Why are some mutual funds so much more expensive?

In general, the claim is that the fees are higher because they offer more value to investors. These funds are actively-managed and offer investors the opportunity to beat the market (though it’s also possible to get poorer returns or returns that match the marker), before fees. The problem with actively-managed funds, is that they seldom outperform their benchmarks, even before fees.  (Read this post to read more about the difference between active- and passive-investing approaches.) Further, investors who purchase these mutual funds typical get a full-service package including financial planning, so there is an aspect to these high-fee mutual funds that is unquantifiable with a 2.5% MER.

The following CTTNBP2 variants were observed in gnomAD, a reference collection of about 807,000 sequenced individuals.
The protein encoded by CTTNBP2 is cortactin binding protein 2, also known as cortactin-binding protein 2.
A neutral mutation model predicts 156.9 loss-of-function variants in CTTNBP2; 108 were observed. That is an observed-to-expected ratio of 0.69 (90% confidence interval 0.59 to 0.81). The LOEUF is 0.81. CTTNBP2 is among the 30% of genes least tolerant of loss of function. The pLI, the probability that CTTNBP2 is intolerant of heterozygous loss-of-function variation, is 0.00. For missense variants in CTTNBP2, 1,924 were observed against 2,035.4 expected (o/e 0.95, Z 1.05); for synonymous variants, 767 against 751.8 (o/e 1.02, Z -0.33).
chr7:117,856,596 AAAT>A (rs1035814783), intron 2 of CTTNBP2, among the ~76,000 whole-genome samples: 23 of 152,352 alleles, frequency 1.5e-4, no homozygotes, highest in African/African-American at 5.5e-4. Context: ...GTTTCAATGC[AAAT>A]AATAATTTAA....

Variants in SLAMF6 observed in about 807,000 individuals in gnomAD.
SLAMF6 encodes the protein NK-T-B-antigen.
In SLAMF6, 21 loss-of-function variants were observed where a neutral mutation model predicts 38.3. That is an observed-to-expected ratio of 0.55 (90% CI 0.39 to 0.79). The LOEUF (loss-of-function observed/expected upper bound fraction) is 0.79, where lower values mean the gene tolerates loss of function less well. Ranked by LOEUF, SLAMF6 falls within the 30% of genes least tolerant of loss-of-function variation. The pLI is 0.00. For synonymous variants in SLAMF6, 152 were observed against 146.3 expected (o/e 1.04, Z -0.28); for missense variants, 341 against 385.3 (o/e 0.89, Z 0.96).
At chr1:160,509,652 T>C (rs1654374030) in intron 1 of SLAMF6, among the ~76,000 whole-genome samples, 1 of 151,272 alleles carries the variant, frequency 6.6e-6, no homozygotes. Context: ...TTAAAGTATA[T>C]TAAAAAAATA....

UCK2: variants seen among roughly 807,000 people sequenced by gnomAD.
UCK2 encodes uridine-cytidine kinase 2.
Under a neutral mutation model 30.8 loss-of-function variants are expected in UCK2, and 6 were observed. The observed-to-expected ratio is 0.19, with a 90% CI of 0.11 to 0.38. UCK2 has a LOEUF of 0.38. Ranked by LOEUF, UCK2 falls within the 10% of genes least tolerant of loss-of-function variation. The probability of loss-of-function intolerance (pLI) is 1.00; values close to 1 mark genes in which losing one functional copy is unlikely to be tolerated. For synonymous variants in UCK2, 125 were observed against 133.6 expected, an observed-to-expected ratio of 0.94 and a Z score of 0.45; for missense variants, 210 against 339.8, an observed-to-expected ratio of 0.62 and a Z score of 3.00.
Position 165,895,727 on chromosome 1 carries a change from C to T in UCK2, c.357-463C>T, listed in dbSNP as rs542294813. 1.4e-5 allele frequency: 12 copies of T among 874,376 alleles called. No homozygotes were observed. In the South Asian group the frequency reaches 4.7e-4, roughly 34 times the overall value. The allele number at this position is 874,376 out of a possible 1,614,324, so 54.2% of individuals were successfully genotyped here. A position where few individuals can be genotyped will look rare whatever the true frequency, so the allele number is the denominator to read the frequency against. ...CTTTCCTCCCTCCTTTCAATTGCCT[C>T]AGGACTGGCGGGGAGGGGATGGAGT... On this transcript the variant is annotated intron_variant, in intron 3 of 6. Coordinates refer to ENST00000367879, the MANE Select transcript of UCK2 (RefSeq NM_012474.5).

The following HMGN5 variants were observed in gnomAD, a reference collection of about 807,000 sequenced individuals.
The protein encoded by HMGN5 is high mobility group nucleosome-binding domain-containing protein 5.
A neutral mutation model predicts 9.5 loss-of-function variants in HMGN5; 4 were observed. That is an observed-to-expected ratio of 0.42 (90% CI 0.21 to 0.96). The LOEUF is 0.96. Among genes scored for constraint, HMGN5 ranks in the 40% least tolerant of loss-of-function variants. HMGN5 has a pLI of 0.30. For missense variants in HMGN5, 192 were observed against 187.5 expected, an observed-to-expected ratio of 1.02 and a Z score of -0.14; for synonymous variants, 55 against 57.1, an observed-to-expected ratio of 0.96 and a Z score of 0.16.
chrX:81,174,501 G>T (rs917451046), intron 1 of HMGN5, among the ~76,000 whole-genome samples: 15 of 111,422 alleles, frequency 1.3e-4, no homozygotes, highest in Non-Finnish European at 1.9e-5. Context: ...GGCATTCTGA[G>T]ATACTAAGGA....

The problem with actively-managed funds is that they seldom outperform their benchmarks, even before fees.

However, it’s important to ask yourself how much that advice is worth and if you can get the advice at a lower cost (you can, from a fee-based advisor). Most Canadian retail investors will get More Bang 4 There Buck, from passive indexed investments like robo-advisors or ETFs with low-MERs, than they would get out of a typical 2.5% MER mutual fund.  At the end of the day, I believe an MER above 2% is very expensive, and anything that is closer to 3% or even higher is highway robbery and extortion.